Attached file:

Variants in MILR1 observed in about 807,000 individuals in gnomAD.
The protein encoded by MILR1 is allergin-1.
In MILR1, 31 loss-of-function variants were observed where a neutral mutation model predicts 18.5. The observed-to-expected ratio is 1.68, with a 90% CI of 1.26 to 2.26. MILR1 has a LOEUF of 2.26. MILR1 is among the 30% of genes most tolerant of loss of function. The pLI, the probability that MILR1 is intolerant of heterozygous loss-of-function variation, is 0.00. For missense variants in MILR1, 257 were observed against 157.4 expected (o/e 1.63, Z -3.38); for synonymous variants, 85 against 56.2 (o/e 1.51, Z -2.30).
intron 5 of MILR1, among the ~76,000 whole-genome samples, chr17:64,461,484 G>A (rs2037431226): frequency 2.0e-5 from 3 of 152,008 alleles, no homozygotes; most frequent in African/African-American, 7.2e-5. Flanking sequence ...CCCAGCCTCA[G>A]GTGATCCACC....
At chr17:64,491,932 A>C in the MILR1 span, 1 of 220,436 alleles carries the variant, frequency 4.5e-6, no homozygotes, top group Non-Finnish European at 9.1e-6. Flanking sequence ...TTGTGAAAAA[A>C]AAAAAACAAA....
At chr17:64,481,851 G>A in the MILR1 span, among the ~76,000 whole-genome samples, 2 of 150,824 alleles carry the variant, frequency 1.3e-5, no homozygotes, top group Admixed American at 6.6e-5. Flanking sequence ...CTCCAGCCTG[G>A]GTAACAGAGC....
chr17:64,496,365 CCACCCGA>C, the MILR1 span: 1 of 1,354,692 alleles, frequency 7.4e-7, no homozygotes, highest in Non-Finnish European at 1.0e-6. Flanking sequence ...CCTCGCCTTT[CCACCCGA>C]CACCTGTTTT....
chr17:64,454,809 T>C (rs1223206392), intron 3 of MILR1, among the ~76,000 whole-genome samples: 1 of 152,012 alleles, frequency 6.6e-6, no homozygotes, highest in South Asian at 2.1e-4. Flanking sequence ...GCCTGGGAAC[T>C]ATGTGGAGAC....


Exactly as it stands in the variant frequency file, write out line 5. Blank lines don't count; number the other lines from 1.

At chr17:64,491,932 A>C in the MILR1 span, 1 of 220,436 alleles carries the variant, frequency 4.5e-6, no homozygotes, top group Non-Finnish European at 9.1e-6. Flanking sequence ...TTGTGAAAAA[A>C]AAAAAACAAA....